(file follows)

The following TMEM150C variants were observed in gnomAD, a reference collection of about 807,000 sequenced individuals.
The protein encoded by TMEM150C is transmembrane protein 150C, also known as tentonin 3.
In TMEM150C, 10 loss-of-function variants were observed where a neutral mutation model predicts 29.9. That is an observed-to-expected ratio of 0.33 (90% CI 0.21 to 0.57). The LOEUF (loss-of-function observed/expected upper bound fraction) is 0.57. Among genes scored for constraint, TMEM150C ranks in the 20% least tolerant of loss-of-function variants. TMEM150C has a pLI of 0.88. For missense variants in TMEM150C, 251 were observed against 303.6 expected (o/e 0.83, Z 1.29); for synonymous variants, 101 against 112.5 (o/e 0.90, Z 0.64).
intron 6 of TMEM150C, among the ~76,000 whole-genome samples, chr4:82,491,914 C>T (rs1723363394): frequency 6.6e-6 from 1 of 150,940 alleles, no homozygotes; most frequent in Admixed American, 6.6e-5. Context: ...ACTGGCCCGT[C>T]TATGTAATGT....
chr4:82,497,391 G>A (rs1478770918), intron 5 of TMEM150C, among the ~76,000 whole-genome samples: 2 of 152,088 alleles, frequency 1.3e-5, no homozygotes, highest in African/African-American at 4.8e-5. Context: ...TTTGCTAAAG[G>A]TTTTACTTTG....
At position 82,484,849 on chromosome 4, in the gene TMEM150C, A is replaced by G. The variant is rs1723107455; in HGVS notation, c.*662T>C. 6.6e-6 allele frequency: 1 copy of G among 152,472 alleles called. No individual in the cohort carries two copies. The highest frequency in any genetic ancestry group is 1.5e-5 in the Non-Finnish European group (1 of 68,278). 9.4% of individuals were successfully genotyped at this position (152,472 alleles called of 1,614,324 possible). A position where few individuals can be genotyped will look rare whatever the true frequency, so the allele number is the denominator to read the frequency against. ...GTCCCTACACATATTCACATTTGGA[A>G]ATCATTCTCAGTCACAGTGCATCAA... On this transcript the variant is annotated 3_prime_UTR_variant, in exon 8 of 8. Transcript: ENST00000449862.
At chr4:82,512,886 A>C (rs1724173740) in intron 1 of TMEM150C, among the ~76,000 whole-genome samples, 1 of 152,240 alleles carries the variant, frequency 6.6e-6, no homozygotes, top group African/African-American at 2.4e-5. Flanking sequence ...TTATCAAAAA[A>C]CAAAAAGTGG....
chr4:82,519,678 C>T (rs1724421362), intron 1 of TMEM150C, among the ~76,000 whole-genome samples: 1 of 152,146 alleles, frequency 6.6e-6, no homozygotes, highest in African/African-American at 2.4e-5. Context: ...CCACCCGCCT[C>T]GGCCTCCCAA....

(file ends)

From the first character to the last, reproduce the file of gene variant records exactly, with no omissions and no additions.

The following TMEM150C variants were observed in gnomAD, a reference collection of about 807,000 sequenced individuals.
The protein encoded by TMEM150C is transmembrane protein 150C, also known as tentonin 3.
In TMEM150C, 10 loss-of-function variants were observed where a neutral mutation model predicts 29.9. That is an observed-to-expected ratio of 0.33 (90% CI 0.21 to 0.57). The LOEUF (loss-of-function observed/expected upper bound fraction) is 0.57. Among genes scored for constraint, TMEM150C ranks in the 20% least tolerant of loss-of-function variants. TMEM150C has a pLI of 0.88. For missense variants in TMEM150C, 251 were observed against 303.6 expected (o/e 0.83, Z 1.29); for synonymous variants, 101 against 112.5 (o/e 0.90, Z 0.64).
intron 6 of TMEM150C, among the ~76,000 whole-genome samples, chr4:82,491,914 C>T (rs1723363394): frequency 6.6e-6 from 1 of 150,940 alleles, no homozygotes; most frequent in Admixed American, 6.6e-5. Context: ...ACTGGCCCGT[C>T]TATGTAATGT....
chr4:82,497,391 G>A (rs1478770918), intron 5 of TMEM150C, among the ~76,000 whole-genome samples: 2 of 152,088 alleles, frequency 1.3e-5, no homozygotes, highest in African/African-American at 4.8e-5. Context: ...TTTGCTAAAG[G>A]TTTTACTTTG....
At position 82,484,849 on chromosome 4, in the gene TMEM150C, A is replaced by G. The variant is rs1723107455; in HGVS notation, c.*662T>C. 6.6e-6 allele frequency: 1 copy of G among 152,472 alleles called. No individual in the cohort carries two copies. The highest frequency in any genetic ancestry group is 1.5e-5 in the Non-Finnish European group (1 of 68,278). 9.4% of individuals were successfully genotyped at this position (152,472 alleles called of 1,614,324 possible). A position where few individuals can be genotyped will look rare whatever the true frequency, so the allele number is the denominator to read the frequency against. ...GTCCCTACACATATTCACATTTGGA[A>G]ATCATTCTCAGTCACAGTGCATCAA... On this transcript the variant is annotated 3_prime_UTR_variant, in exon 8 of 8. Transcript: ENST00000449862.
At chr4:82,512,886 A>C (rs1724173740) in intron 1 of TMEM150C, among the ~76,000 whole-genome samples, 1 of 152,240 alleles carries the variant, frequency 6.6e-6, no homozygotes, top group African/African-American at 2.4e-5. Flanking sequence ...TTATCAAAAA[A>C]CAAAAAGTGG....
chr4:82,519,678 C>T (rs1724421362), intron 1 of TMEM150C, among the ~76,000 whole-genome samples: 1 of 152,146 alleles, frequency 6.6e-6, no homozygotes, highest in African/African-American at 2.4e-5. Context: ...CCACCCGCCT[C>T]GGCCTCCCAA....